|Although Montreal's history tracks back long
before Jacques Cartier "discovered" the island in 1535, the
intrepid explorer can certainly lay claim to being the first European to
see it from the top of Mount Royal, the city's centrally-located volcanic
Amerindians referred to our beloved grounds as 'Hochelaga,' and used the island as a meeting place where tribes could discuss trade and other important matters. But, hundreds of years ago, building cities wasn't one of their fortes, and the official founding date for Ville-Marie (later to become Montréal in honour of the King of France) is May 18, 1642, when Jeanne Mance and Paul de Chomedey Sieur de Maisonneuve came ashore with about 40 colonists, and proceeded to drive out the Iroquois.
The buzzing colony, known as Nouvelle France, became a major jumping off point for fur traders, explorers and settlers who wanted to venture further inland towards the Great Lakes and down into the Mississippi Valley. In 1760, Montreal had a population, mostly French, of about 4,000. The architecture of this period can be seen in buildings such as the Old Saint-Sulpice (Sulpician) Seminary and Notre-Dame-de-Bonsecours Chapel.
The second event that would eventually shape modern Montreal happened in 1763 when, following the British victory in the Seven Years War, France was forced to relinquish its North American territories.
Under British rule, Montreal became an important port (the largest inland port in the world) as well as Canada's largest city and commercial hub. It was home to Canada's first banks, mercantile houses and fur-trading companies, centred on St-Jacques Street (or Saint James, as the British called it) in Old Montreal. You can get a good look at buildings still standing from this era, including the Molson Bank and the Bank of Montreal.
Between 1800 and 1850, the city experienced a population explosion, going from about 9,000 to 57,000. For five years, between 1844 and 1849, the city even served as Canada's capital until a rampaging crowd burned down the buildings that housed the legislature.
The mid-19th century saw the city expand into manufacturing and heavy industry as well as become the railway centre for Canada. A flood of job opportunities drew both immigrants from overseas and rural Quebecers and the population continued to soar, reaching half a million by 1911.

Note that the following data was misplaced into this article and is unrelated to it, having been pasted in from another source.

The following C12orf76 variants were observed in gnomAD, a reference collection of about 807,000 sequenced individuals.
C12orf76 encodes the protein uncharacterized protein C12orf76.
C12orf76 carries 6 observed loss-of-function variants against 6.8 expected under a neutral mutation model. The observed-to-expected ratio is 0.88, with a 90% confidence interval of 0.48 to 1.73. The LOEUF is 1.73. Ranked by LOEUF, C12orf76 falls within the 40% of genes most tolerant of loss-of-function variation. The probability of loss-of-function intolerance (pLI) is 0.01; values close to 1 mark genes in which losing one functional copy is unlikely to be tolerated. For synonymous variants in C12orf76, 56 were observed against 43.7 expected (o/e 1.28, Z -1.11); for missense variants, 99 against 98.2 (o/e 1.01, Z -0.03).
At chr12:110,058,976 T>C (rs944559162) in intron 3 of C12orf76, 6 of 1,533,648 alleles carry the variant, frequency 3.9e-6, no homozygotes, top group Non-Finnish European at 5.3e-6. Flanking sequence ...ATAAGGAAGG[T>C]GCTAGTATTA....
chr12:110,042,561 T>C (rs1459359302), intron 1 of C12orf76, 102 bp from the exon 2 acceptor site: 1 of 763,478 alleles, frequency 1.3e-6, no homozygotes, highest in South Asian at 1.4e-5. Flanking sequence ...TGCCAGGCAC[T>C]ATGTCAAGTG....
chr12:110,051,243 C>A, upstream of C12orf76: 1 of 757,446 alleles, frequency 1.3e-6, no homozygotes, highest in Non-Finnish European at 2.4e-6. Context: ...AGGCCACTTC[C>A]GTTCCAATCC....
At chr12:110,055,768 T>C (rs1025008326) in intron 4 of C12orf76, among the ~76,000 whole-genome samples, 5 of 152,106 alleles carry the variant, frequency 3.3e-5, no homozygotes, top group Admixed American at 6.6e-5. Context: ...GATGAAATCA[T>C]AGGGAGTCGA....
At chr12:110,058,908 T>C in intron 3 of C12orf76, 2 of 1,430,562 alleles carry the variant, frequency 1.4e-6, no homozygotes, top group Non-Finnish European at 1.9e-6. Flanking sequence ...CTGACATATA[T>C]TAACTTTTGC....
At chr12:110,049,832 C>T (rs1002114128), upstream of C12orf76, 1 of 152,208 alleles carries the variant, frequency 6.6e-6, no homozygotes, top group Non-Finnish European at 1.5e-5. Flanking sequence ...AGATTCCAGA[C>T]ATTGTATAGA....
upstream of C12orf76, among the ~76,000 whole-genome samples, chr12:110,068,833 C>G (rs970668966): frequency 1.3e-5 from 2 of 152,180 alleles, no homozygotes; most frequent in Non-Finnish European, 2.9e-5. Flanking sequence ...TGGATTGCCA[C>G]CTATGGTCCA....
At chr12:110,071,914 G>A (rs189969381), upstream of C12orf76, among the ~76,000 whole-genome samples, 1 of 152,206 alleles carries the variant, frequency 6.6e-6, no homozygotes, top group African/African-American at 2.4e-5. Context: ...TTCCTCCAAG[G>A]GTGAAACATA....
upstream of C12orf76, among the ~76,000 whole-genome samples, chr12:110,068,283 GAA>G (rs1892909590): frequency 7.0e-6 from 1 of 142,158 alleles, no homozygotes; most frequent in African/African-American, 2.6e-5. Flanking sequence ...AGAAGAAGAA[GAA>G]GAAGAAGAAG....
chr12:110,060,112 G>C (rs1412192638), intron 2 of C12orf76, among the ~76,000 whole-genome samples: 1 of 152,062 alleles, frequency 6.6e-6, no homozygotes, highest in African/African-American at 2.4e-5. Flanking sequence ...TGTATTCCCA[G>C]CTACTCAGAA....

By that time, the city's Golden Square Mile area, Atwater to the west, Park to the east, Mount Royal to the north, and Rene Levesque to the south, held some 70 percent of all Canada's wealth. Huge properties such as the 60-room Ravenscrag Mansion on des Pins W were commonplace.
It was also around this time that immigration other than from the British Isles brought in the third wave of Montreal's development. European Jews, Italians, and Greeks joined Irish and Scottish immigrants to make the city a much more cosmopolitan place.
Shortly after the Second World War, Montreal began a slow, steady decline in influence and power as the Canadian economy looked southward to the U.S. and away from a weakening Great Britain. Corporate headquarters migrated to Toronto, which began to receive the bulk of new investment.
The shift was accelerated by two factors: the building of the St-Lawrence Seaway, which allowed ships direct access to the Great Lakes, and the revival of Quebec nationalism, which started with the so-called Quiet Revolution in the 1960s and culminated in the election of a separatist government in the late 1970s. This led to a further exodus 'down the 401,' as the highway between Montreal and Toronto is called.
But, despite these woes, Montreal managed to hold its head high through the 1960s and '70s, thanks to its tenacious mayor, Jean Drapeau. A man with grandiose visions, Drapeau orchestrated the building of the city's subway system (the Metro) in 1966, snagged the prestigious Expo '67 international exhibition, and then sold the city as the site for the even more illustrious 1976 Summer Olympics.
Today, Montreal may have relinquished the honour of being Canada's largest and most economically influential metropolis. But it still relishes the role as its most spirited and international city, the French gastronomic centre of North America, and a place where historical strands join to create a potent mix of pride, art and culture.
- Michael Mirolla